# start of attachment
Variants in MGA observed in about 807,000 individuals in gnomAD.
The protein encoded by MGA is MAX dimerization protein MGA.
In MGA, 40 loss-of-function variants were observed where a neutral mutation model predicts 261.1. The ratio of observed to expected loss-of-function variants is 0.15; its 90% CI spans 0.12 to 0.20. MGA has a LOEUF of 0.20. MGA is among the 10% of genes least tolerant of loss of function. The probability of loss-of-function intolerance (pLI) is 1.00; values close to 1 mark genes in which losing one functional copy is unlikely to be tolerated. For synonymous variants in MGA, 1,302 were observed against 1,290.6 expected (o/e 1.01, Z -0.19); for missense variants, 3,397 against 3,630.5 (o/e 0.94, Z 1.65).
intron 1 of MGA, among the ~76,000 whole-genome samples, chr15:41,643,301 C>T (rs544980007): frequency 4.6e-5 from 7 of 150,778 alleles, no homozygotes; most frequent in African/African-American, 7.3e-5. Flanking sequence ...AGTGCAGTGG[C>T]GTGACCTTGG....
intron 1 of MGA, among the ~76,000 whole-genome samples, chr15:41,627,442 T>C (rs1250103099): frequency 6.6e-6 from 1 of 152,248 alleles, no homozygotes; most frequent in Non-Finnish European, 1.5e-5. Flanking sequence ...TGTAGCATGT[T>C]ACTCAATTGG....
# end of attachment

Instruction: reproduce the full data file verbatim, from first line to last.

Variants in MGA observed in about 807,000 individuals in gnomAD.
The protein encoded by MGA is MAX dimerization protein MGA.
In MGA, 40 loss-of-function variants were observed where a neutral mutation model predicts 261.1. The ratio of observed to expected loss-of-function variants is 0.15; its 90% CI spans 0.12 to 0.20. MGA has a LOEUF of 0.20. MGA is among the 10% of genes least tolerant of loss of function. The probability of loss-of-function intolerance (pLI) is 1.00; values close to 1 mark genes in which losing one functional copy is unlikely to be tolerated. For synonymous variants in MGA, 1,302 were observed against 1,290.6 expected (o/e 1.01, Z -0.19); for missense variants, 3,397 against 3,630.5 (o/e 0.94, Z 1.65).
intron 1 of MGA, among the ~76,000 whole-genome samples, chr15:41,643,301 C>T (rs544980007): frequency 4.6e-5 from 7 of 150,778 alleles, no homozygotes; most frequent in African/African-American, 7.3e-5. Flanking sequence ...AGTGCAGTGG[C>T]GTGACCTTGG....
intron 1 of MGA, among the ~76,000 whole-genome samples, chr15:41,627,442 T>C (rs1250103099): frequency 6.6e-6 from 1 of 152,248 alleles, no homozygotes; most frequent in Non-Finnish European, 1.5e-5. Flanking sequence ...TGTAGCATGT[T>C]ACTCAATTGG....